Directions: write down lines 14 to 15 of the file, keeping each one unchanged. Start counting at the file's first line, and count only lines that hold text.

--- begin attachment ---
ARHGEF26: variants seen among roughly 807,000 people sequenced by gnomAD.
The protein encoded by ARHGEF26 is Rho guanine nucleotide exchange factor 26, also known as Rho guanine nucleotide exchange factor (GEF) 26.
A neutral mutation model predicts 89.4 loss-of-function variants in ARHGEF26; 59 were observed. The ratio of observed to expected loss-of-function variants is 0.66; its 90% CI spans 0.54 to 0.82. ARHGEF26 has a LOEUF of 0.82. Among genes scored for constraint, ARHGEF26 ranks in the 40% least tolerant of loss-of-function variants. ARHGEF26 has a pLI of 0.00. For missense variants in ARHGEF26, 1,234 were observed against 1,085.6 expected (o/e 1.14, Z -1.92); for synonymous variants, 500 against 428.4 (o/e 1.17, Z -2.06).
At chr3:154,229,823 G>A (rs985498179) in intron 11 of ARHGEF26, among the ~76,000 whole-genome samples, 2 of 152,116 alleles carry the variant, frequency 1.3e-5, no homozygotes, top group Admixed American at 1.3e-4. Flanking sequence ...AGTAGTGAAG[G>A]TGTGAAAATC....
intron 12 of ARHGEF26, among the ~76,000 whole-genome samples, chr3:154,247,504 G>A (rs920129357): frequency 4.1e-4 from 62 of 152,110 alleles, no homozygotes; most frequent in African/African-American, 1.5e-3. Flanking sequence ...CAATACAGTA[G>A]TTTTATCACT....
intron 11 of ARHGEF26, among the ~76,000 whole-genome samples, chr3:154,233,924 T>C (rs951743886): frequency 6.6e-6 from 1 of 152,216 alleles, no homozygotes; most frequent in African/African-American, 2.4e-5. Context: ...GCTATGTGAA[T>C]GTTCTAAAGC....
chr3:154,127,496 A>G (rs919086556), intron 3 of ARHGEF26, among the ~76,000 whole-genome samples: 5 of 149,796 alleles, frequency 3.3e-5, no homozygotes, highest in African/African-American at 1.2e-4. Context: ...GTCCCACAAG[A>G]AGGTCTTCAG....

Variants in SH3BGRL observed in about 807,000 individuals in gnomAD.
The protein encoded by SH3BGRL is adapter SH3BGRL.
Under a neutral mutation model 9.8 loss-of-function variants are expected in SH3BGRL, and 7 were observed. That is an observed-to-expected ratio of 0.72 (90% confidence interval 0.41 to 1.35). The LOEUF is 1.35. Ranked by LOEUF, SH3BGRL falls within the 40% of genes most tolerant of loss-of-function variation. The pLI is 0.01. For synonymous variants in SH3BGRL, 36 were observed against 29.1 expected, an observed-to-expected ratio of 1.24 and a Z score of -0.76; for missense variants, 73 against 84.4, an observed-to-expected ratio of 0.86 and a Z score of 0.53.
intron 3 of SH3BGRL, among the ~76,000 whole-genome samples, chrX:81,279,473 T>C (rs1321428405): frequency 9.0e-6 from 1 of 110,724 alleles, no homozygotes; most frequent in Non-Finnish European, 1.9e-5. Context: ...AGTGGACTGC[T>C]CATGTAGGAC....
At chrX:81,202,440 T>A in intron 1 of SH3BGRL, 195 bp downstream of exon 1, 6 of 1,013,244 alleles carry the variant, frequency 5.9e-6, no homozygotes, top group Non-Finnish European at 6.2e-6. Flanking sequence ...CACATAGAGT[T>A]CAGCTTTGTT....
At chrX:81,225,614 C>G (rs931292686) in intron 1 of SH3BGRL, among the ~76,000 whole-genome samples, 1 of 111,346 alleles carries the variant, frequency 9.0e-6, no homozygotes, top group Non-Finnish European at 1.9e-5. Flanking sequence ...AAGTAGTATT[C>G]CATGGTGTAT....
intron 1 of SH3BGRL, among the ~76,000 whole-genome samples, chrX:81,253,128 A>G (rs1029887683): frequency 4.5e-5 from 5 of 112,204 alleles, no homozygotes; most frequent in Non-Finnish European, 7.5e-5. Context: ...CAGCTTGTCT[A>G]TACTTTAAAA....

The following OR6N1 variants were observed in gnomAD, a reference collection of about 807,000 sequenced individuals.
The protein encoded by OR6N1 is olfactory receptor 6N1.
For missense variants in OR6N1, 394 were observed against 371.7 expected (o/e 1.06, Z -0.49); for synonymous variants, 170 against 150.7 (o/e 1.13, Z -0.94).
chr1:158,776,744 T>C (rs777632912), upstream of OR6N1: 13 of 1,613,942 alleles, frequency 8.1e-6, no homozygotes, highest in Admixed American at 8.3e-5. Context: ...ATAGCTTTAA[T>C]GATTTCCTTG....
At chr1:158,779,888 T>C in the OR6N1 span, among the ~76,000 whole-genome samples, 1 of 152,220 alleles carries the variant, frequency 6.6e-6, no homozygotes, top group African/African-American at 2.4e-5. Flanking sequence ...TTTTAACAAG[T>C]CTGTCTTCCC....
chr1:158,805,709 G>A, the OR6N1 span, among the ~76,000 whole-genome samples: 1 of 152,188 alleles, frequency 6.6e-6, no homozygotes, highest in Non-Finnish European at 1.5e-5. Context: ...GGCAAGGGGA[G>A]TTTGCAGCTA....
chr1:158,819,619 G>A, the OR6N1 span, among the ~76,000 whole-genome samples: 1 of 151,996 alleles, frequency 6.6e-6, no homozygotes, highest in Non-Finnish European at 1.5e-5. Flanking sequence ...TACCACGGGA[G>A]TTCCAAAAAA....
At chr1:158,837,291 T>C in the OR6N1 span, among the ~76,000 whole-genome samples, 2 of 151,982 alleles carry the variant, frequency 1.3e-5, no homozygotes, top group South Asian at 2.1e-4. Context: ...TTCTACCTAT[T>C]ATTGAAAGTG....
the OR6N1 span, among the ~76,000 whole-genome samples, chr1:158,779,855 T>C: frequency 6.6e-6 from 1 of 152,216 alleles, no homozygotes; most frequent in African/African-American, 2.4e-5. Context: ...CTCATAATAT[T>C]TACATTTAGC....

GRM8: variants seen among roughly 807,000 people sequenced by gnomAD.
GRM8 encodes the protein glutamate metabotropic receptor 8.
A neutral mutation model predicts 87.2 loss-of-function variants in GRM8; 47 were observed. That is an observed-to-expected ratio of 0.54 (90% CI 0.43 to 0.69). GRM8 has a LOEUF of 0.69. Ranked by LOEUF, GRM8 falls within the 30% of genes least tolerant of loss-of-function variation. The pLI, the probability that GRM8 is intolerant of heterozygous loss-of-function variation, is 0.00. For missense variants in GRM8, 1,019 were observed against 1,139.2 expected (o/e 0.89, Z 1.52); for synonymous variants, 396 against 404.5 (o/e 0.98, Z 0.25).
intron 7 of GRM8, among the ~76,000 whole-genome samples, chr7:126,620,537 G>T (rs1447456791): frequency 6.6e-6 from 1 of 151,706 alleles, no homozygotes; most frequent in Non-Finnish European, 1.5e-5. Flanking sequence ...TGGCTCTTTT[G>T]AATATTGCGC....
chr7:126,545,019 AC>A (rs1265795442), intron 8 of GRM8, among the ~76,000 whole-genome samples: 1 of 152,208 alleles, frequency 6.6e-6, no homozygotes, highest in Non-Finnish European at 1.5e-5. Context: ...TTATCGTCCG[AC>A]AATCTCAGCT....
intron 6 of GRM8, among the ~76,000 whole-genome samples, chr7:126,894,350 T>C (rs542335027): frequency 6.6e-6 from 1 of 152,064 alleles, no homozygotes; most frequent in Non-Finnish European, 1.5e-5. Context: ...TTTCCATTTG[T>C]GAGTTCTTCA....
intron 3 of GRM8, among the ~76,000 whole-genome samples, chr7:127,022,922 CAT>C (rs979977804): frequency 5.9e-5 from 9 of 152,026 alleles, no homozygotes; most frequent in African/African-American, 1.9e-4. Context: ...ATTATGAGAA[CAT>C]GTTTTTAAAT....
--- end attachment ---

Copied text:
intron 1 of SH3BGRL, among the ~76,000 whole-genome samples, chrX:81,253,128 A>G (rs1029887683): frequency 4.5e-5 from 5 of 112,204 alleles, no homozygotes; most frequent in Non-Finnish European, 7.5e-5. Context: ...CAGCTTGTCT[A>G]TACTTTAAAA....

The following OR6N1 variants were observed in gnomAD, a reference collection of about 807,000 sequenced individuals.